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Robbie Fulks | Georgia Hard (Yep Roc)
Good ol' Robbie Fulks. He always leaves a big smile on your face, a skip in your step and a foot surely tapping off the beat somewhere. It doesn't matter if he's exploring old-fashioned rock and roll, folk roots or traditional country, he's capable at taking a roughshod sound and making it fresh‚??or at the very least entertaining. And while 'Georgia Hard' isn't Fulks' best effort, it oozes charisma, which is something that's been missing in his repertoire as of late.
'Georgia Hard' may not be heavy with songs of sarcasm and wit, but what it lacks in cynicism, it makes up in classic country idealism and storytelling. The album is what country was when Johnny Cash, Merle Haggard and Willie Nelson were starting out. This makes the album difficult to peg‚??is it old country, the future of country or an alternative to anything and everything on most radio stations and television? The title track and Leave it to a Loser are prime examples of country's lean years when singer/songwriters such as Conway Twitty and George Straitt were struggling to convey the real heart of country music. Nobody in this day and age of New Nashville could reciprocate the emotion and sentiment without someone holding their hand through the mechanized lap steel bridge. Nor could they deal with the unique and unorthodox humour of yesterday's sounds. Fulks has no problem delving into the worlds of picking up and losing women (I'm Gonna Take You Home, Doin' Right For All the Wrong Reasons) with irreverence and perspective.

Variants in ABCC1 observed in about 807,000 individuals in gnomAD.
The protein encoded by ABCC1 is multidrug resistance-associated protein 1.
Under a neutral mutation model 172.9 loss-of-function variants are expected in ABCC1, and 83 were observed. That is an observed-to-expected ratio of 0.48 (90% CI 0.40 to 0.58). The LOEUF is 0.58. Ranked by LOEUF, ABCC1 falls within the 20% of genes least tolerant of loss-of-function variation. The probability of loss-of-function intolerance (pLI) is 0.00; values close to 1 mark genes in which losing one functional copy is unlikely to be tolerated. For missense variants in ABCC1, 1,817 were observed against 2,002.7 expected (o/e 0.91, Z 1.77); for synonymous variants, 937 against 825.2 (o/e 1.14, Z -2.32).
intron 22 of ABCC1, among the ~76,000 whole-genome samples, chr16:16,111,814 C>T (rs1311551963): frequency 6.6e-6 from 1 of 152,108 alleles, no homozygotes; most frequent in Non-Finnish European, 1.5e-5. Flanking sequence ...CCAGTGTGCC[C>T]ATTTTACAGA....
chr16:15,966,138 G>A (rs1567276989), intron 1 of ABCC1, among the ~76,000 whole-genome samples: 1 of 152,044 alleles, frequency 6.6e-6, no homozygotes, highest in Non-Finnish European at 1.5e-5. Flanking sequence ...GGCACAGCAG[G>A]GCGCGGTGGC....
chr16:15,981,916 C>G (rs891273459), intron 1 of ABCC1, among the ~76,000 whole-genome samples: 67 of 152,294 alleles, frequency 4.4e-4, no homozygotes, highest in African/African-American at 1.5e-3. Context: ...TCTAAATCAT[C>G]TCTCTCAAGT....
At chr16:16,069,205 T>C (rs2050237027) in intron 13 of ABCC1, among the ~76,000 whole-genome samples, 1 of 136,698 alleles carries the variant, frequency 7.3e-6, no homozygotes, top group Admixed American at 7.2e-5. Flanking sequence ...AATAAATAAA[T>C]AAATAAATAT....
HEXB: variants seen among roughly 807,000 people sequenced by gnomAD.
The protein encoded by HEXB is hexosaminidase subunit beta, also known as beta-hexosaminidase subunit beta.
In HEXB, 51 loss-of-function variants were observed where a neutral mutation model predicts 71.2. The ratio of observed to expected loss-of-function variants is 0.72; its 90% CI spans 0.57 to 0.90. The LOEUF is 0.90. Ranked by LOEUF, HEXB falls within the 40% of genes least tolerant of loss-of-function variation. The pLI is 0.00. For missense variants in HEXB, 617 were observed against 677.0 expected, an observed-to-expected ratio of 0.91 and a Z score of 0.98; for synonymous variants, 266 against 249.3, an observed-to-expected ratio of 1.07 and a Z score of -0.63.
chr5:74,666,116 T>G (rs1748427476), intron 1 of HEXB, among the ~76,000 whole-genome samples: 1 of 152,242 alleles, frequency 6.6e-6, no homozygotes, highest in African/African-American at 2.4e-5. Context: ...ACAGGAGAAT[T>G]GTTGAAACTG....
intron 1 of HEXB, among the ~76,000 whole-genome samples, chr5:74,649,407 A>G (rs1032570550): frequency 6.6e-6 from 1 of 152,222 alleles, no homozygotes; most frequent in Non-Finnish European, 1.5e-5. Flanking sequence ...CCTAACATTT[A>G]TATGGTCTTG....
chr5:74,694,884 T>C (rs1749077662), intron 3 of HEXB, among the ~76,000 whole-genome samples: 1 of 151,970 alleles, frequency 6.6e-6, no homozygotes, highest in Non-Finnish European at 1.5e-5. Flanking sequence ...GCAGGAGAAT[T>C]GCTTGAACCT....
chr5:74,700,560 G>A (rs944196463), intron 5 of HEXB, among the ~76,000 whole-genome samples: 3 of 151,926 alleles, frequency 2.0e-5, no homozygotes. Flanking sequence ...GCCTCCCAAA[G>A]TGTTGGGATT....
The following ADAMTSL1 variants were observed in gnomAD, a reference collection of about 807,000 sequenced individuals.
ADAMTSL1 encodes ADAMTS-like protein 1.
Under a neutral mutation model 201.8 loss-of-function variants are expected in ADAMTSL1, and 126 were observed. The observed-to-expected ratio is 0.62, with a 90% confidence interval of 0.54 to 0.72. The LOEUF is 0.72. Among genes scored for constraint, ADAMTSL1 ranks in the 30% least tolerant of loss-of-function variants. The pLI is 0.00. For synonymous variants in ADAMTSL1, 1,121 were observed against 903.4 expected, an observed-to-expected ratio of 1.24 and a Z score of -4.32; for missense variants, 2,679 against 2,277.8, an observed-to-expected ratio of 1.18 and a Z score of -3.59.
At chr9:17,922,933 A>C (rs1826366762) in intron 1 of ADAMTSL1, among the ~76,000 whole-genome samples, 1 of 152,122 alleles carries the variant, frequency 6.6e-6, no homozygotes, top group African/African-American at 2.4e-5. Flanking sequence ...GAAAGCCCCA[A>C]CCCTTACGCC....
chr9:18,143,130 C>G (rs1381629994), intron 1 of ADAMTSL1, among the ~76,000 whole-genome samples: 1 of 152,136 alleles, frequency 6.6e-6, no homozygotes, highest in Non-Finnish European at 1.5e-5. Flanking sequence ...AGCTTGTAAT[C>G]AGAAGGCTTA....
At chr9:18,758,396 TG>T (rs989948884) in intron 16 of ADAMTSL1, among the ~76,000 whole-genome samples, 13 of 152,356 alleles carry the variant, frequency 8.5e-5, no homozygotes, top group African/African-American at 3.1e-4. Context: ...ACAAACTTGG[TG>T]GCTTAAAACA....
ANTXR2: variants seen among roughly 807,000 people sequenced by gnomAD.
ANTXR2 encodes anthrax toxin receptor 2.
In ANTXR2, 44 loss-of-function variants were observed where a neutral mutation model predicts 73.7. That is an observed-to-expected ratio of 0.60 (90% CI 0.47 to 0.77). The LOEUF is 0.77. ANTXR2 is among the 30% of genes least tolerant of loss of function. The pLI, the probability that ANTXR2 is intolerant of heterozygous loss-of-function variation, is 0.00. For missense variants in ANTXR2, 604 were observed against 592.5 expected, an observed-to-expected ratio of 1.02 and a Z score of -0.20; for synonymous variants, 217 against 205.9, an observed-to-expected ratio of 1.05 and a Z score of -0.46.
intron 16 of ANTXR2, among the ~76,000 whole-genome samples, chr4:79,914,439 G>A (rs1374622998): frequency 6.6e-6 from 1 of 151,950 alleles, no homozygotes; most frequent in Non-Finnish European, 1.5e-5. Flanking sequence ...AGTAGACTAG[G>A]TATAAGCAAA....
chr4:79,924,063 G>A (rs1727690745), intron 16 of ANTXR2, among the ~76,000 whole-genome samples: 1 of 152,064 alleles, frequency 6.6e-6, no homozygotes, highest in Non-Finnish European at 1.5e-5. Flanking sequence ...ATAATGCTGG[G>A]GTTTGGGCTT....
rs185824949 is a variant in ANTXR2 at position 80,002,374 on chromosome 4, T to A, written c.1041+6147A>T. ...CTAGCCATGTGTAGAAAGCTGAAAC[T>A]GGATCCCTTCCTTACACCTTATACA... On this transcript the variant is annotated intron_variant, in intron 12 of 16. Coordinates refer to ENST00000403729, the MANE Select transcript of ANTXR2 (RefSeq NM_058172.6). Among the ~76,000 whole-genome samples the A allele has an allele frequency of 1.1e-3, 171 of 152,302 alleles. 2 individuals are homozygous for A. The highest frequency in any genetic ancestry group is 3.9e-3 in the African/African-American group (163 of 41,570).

There are no classics on a par with She Took a Lot of Pills (And Died) to be found here, but the rich tapestry of country's classic years replayed and updated by Fulks is more than enough to make up for the loss of total straight shooting. The humour is still to be found in small doses, but this is an attempt at capturing the feelings of regret and love with the walls down and 10-gallon hat removed.

Justin Spicer
October 2005

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